Profits dropped 59% at James Fisher and Sons in the first half of 2020 amid the “unprecedented headwinds” of Covid-19.
The marine services group, which owns a string of businesses in north-east Scotland, reported pre-tax profits of £7.1m, down from £20.9m in H1 2019, on revenues of £258.1m, down 10% on the first half of last year.
CEO, Eoghan O’Lionaird, said the second half is expected to remain “challenging” but the firm “expects trading to improve”.
The group said it reduced headcount with a “material restructure” of its Marine Support division, which serves the oil and gas and renewables industries as project work “sharply declined” with the drop in energy prices.
Offshore Oil, which includes Inverurie-based RMSpumptools and Fisher Offshore, improved on 2019’s performance with “momentum” into the start of 2020.
Fisher Offshore, in Oldmeldrum, won “good orders” for decommissioning work, “an area where demand is increasing”, the group said,
James Fisher has a number of other entities in the north-east, including the National Hyperbaric Centre in Aberdeen and JFD Global (UK) based at Westhill.
The Cumbria-headquartered company also has a tankships arm and specialist technical division, which works on defence contracts globally.
Around 70% of the group’s 3,000 employees have been working from home since the third week of March, while 400 were placed on furlough.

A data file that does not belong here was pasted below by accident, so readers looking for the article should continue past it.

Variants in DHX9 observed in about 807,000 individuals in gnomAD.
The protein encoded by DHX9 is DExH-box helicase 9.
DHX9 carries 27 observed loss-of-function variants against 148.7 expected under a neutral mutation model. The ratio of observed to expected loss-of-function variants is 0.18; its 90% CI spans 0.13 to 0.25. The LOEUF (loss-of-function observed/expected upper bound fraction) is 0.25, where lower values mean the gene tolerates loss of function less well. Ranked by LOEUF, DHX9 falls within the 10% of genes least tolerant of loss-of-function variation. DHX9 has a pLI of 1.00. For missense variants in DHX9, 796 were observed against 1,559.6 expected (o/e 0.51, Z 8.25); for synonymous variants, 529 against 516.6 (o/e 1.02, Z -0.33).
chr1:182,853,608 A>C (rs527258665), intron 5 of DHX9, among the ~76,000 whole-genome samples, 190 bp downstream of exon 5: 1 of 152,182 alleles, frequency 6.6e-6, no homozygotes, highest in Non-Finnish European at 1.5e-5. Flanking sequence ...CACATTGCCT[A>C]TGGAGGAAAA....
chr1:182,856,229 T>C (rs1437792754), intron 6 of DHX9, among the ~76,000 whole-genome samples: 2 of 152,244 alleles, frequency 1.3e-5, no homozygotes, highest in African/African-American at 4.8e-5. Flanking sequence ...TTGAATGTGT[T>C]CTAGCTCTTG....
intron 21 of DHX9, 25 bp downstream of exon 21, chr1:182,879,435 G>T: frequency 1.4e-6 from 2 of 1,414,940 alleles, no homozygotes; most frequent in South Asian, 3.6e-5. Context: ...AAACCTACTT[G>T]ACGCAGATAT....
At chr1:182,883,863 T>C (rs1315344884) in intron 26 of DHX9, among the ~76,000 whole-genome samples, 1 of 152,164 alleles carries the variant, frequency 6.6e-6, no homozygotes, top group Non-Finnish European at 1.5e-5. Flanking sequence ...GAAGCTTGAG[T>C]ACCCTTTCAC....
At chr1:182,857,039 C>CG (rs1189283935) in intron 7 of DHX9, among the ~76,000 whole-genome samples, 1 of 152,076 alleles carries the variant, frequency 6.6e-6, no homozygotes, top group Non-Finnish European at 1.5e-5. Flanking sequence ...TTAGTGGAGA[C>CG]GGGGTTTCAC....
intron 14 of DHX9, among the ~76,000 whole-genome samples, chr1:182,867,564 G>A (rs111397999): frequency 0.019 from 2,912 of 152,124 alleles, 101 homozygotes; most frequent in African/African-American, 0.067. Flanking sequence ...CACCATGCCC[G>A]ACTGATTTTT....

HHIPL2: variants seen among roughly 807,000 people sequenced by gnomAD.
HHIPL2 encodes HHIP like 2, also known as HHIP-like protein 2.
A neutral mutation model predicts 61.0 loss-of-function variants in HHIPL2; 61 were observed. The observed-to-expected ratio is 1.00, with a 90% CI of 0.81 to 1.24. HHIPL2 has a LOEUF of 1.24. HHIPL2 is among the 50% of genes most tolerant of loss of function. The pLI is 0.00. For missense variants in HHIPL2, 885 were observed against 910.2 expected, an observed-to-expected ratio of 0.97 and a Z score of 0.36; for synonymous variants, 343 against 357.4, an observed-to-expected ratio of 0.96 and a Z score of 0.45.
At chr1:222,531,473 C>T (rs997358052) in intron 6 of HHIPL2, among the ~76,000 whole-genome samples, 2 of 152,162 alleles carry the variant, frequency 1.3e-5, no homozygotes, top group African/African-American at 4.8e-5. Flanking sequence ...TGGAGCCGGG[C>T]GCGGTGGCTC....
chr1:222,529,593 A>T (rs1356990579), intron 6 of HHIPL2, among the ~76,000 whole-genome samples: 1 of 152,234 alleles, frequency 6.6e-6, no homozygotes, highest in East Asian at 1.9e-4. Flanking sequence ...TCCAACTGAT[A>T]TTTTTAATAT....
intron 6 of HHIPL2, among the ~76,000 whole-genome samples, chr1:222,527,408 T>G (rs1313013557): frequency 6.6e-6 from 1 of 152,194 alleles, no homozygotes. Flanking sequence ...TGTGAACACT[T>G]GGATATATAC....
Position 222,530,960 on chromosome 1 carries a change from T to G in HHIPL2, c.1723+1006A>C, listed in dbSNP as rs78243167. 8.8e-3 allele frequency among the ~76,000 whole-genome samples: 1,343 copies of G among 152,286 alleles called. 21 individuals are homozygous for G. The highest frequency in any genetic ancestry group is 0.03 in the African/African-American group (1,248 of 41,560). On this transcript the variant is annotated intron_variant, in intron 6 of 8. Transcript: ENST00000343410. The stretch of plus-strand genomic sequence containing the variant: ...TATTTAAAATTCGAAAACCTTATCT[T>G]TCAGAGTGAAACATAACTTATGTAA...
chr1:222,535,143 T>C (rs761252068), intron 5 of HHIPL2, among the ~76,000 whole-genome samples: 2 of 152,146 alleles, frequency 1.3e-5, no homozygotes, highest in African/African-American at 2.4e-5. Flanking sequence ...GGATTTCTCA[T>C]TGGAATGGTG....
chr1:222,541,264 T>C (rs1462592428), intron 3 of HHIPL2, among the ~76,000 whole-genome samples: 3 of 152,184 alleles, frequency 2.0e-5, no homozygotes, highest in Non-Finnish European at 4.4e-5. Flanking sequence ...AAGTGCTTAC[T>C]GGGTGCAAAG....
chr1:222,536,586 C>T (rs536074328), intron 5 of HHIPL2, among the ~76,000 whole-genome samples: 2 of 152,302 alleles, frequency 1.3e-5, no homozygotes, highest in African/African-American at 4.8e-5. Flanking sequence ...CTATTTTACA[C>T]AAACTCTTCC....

Restructuring costs of £1.5m were recongnised over the period due to a reduction in Marine Support headcount.
Mr O’Lionaird said: “”The first half of 2020 was one of the most demanding periods the Company has faced, and the commitment, support and engagement of our employees in stepping up to the challenges has been remarkable.
“The Group responded swiftly to both the unprecedented headwinds presented by Covid-19 and the longer-term implications for energy demand by taking actions to reduce costs and protect the Group’s liquidity.
“Whilst the second half is expected to remain challenging and the outlook for our end markets is uncertain, we expect trading to improve through the second half, assuming no material deterioration in the Covid-19 situation.”